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Demosthenes (384-322 BC): C.900-1928

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Object information


Demosthenes (384-322 BC)


Wood, Enoch (Potter)
After Cheere, John (Sculptor)


Earthenware with blue-tinted lead-glaze, painted in enamels

Earthenware, moulded, covered with blue-tinted lead-glaze, andpainted in blue, turquoise, pale yellow, flesh pink, pale pink, red, brown, grey, and black enamels. The shallow, straight-sided rectangular base is hollow underneath, and is painted in blue, pale red, brown, grey and black to resemble marble. Demosthenes stands on his left leg with his right advanced. He leans forward, extending his right arm and holding up his cloak up to his chest with his left hand. He has black hair and beard, and wears a white tunic and a long turquoise cloak with a pink lining and yellow fringe. On the viewer's right there is a tall pedestal veined in black to resemble marble, and decorated on the front in relief with a green swag above an arched panel enclosing a scene showing a small figure of Demosthenes standing on a rocky promontory addressing the waves, with two sailing ships in the distance, and overhead, a larger figure of Hermes/Mercury holding a caduceus with a cloud below him.


History note: Christie, Manson & Woods, London, 12 December 1918, Porcelain, decorative furniture and Eastern rugs, lot 37; purchased for 37 guineas by Mr Stoner who sold it on the same day for £38 to Dr J.W.L. Glaisher, Trinity College, Cambridge

Legal notes

Dr J.W.L. Glaisher Bequest

Measurements and weight

Height: 48.2 cm

Place(s) associated

  • Burslem ⪼ Staffordshire ⪼ England

Acquisition and important dates

Method of acquisition: Bequeathed (1928-12-07) by Glaisher, J. W. L., Dr


Late 18th century
George III
Circa 1790 CE - 1810 1810 CE


The figure in relief on the pestal is Hermes/Mercury, the messenger of the gods, who was associated with eloquence and reasoning, and therefore alludes to Demosthenes' oratorial skill.

When purchased by Dr Glaisher the figure was identified as St Paul preaching at Athens, and has also been described as 'Eloquence', but the model was after a plaster of Demosthenes by John Cheere (1709-87) of which there is an example 20 in high at Burton Constable, Yorkshire, where there is also a preliminary drawing by Cheere, and a life-size figure which do not have the pedestal on the right of the figure (see Documentation, Hall, 1970). If not from Cheere, Wood might have obtained a plaster model from Charles Harris of the Strand (d. c. 1795) whose undated 'Catalogue of Statues, Bass Reliefs, Bustos, & c.' (V. & A., National Art Library 1.37.Y) includes a figure of Demosthenes of the same size for 2 guineas, and figures of Prudence and Fortitude which might have been the modesl for Wood's figures of those subjects. A somewhat similar figure is shown representing 'Education' in George Bickham's 'The Universal Penman', London, 1743.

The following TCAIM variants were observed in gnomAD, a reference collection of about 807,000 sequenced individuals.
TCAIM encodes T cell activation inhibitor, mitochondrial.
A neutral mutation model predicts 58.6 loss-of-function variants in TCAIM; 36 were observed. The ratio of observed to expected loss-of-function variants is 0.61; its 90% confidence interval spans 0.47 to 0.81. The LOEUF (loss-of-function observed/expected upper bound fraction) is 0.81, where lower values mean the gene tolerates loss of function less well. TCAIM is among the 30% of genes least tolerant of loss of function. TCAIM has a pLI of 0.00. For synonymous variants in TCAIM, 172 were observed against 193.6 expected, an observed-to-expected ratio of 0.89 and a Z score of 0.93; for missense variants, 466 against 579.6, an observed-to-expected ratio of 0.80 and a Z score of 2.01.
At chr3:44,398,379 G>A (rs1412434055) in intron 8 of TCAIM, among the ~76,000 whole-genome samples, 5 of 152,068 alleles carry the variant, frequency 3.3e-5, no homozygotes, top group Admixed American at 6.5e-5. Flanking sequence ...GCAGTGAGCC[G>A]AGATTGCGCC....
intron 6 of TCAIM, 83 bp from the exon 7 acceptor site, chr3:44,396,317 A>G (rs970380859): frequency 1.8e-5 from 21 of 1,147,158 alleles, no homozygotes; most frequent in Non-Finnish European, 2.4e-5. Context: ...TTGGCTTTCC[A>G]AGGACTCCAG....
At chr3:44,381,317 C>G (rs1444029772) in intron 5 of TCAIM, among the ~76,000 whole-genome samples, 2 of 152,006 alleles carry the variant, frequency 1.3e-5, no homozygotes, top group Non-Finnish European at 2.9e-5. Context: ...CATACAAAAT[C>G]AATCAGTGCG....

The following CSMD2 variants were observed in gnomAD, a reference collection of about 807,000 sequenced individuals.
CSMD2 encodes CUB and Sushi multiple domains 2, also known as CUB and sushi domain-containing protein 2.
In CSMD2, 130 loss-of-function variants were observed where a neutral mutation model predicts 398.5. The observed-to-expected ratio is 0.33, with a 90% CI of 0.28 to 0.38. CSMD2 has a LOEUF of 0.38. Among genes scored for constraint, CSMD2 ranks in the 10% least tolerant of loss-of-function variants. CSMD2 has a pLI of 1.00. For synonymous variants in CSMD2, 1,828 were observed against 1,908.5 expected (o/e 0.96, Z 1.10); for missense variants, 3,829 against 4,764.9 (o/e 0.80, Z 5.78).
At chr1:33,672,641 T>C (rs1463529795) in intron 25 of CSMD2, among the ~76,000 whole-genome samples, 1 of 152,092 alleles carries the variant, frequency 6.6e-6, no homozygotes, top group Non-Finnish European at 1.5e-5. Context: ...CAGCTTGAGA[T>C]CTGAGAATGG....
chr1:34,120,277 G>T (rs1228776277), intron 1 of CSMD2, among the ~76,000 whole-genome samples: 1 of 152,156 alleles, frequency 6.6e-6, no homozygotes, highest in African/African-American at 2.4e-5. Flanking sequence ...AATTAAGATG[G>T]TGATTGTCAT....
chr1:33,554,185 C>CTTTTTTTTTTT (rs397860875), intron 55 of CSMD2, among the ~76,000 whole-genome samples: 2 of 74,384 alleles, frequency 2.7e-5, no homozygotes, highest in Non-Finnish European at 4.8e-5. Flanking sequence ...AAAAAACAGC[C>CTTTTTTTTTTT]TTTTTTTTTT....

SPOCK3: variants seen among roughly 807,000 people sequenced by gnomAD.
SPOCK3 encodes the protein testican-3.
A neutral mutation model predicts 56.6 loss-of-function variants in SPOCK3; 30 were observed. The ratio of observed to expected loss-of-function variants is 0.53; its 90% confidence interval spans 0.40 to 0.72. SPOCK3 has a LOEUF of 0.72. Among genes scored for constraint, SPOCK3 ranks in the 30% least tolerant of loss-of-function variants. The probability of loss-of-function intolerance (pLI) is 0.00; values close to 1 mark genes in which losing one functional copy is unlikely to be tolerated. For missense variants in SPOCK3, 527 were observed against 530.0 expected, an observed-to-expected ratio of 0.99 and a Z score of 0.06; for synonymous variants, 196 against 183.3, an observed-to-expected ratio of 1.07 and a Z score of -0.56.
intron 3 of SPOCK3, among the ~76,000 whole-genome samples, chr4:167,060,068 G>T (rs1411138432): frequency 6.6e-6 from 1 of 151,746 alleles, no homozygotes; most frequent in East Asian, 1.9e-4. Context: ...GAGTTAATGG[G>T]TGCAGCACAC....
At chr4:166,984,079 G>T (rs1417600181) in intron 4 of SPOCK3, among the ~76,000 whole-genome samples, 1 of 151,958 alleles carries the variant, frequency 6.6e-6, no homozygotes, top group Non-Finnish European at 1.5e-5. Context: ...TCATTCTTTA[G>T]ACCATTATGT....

People, subjects and objects depicted

Components of the work

Decoration: composed of enamels ( blue, turquoise, pale yellow, flesh pink, pale pink, red, brown, grey, and black)

Materials used in production

tinted slight blue Lead-glaze Earthenware

Techniques used in production

Moulding Lead-glazing

Inscription or legends present

  • Text: E. WOOD
  • Location: On back of base
  • Method of creation: Impressed
  • Factory mark

References and bibliographic entries

Related exhibitions

Identification numbers

Accession number: C.900-1928
Primary reference Number: 76326
Old object number: 4727
Stable URI

Audit data

Created: Saturday 6 August 2011 Updated: Wednesday 7 November 2018 Last processed: Sunday 21 March 2021

Associated departments & institutions

Owner or interested party: The Fitzwilliam Museum
Associated department: Applied Arts

Citation for print

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The Fitzwilliam Museum (2020) "Figure" Web page available at: Accessed: 2021-11-27 23:03:08

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